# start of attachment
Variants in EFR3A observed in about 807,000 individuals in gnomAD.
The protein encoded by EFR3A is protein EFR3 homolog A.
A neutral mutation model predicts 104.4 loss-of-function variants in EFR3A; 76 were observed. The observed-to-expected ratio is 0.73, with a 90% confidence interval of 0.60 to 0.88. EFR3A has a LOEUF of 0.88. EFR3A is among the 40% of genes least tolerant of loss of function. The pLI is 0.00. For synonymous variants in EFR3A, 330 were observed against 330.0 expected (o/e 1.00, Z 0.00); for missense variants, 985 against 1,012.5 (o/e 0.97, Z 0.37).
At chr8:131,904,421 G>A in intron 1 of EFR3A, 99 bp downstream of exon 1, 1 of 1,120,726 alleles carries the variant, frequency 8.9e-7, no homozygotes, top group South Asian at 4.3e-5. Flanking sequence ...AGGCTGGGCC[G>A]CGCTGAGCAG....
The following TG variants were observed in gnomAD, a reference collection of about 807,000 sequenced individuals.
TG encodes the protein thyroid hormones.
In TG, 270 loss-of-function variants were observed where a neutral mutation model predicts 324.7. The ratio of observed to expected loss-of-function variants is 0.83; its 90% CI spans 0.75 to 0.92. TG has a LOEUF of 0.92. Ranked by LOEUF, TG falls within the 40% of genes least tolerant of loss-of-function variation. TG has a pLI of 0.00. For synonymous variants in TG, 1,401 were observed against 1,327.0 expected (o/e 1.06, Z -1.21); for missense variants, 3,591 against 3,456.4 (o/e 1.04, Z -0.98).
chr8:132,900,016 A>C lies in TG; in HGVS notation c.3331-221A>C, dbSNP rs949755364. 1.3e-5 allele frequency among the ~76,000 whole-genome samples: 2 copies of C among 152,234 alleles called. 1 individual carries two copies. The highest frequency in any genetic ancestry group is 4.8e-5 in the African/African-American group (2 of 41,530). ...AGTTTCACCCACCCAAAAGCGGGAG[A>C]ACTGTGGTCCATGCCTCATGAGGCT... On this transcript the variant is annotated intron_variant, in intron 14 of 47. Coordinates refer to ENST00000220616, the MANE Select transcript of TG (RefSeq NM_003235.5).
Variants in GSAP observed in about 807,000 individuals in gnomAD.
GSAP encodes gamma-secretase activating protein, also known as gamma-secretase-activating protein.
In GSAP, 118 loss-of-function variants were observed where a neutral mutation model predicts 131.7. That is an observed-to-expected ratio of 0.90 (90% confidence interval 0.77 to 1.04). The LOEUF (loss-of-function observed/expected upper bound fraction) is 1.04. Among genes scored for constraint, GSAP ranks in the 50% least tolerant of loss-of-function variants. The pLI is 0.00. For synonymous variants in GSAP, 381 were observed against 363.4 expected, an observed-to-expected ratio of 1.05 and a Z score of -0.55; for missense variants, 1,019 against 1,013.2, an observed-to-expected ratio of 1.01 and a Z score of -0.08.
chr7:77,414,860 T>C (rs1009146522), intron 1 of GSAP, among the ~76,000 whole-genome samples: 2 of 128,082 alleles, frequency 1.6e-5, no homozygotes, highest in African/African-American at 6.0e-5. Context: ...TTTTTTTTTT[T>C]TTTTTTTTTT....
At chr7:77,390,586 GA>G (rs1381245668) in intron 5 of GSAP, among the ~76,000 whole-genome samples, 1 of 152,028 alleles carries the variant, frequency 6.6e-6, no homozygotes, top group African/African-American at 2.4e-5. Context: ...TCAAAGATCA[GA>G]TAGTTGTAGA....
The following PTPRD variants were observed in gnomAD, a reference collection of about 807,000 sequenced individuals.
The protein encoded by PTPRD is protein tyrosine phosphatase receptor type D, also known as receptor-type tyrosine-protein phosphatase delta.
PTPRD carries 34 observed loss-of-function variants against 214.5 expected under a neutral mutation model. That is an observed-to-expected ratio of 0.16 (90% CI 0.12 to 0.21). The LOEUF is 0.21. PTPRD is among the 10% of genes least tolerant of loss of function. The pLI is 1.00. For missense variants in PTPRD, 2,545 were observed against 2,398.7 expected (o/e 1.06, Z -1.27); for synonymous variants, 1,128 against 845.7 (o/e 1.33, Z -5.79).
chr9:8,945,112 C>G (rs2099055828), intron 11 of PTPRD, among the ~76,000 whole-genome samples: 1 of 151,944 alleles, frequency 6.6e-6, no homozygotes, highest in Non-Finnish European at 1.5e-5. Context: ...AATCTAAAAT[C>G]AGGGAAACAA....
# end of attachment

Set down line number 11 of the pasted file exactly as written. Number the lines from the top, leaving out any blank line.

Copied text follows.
In GSAP, 118 loss-of-function variants were observed where a neutral mutation model predicts 131.7. That is an observed-to-expected ratio of 0.90 (90% confidence interval 0.77 to 1.04). The LOEUF (loss-of-function observed/expected upper bound fraction) is 1.04. Among genes scored for constraint, GSAP ranks in the 50% least tolerant of loss-of-function variants. The pLI is 0.00. For synonymous variants in GSAP, 381 were observed against 363.4 expected, an observed-to-expected ratio of 1.05 and a Z score of -0.55; for missense variants, 1,019 against 1,013.2, an observed-to-expected ratio of 1.01 and a Z score of -0.08.